Facebook launched a partnership with the Atlantic Council on Thursday that will help prevent malicious actors from using the social network to interfere with elections.
The think tank's Digital Forensic Research Lab will help Facebook monitor specific regions to prevent the spread of misinformation on the platform and educate citizens about the risks, according to a press release. The partnership is designed to assist Facebook "in its efforts to strengthen democracy," said Atlantic Council President and CEO Fred Kempe.
Earlier this year Facebook CEO Mark Zuckerberg acknowledged that Facebook , and promised to work on fixing the issue. The majority of Facebook's 2.2 billion monthly users are based outside of the US, meaning its potential impact on elections is a global issue -- something Zuckerberg noted . It's also something he'll be talking about with EU officials and politicians when he in Brussels next week.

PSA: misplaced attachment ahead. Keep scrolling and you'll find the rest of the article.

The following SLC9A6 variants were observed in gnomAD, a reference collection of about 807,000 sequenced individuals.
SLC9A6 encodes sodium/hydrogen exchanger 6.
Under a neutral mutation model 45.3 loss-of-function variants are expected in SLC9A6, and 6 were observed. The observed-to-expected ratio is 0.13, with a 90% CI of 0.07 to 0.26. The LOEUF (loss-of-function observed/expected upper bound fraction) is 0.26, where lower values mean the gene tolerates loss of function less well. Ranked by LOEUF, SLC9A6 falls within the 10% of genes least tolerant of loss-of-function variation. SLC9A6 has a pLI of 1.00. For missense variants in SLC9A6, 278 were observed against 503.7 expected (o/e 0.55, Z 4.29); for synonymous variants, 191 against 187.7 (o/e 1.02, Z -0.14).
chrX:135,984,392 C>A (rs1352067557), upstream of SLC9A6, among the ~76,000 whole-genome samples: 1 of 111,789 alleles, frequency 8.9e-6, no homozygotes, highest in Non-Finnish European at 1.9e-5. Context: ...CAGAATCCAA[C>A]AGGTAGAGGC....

The company is now investing heavily to prevent its service from being abused during elections, including by partnering with outside experts, said Katie Harbath, Facebook's global politics and government director, in a statement.
The partnership will "increase the number of 'eyes and ears' we have working to spot potential abuse on our service -- enabling us to more effectively identify gaps in our systems, preempt obstacles, and ensure that Facebook plays a positive role during elections all around the world," she said.
Cambridge Analytica: Everything you need to know about Facebook's data mining scandal.
Rebooting the Reef: CNET dives deep into how tech can help save Australia's Great Barrier Reef.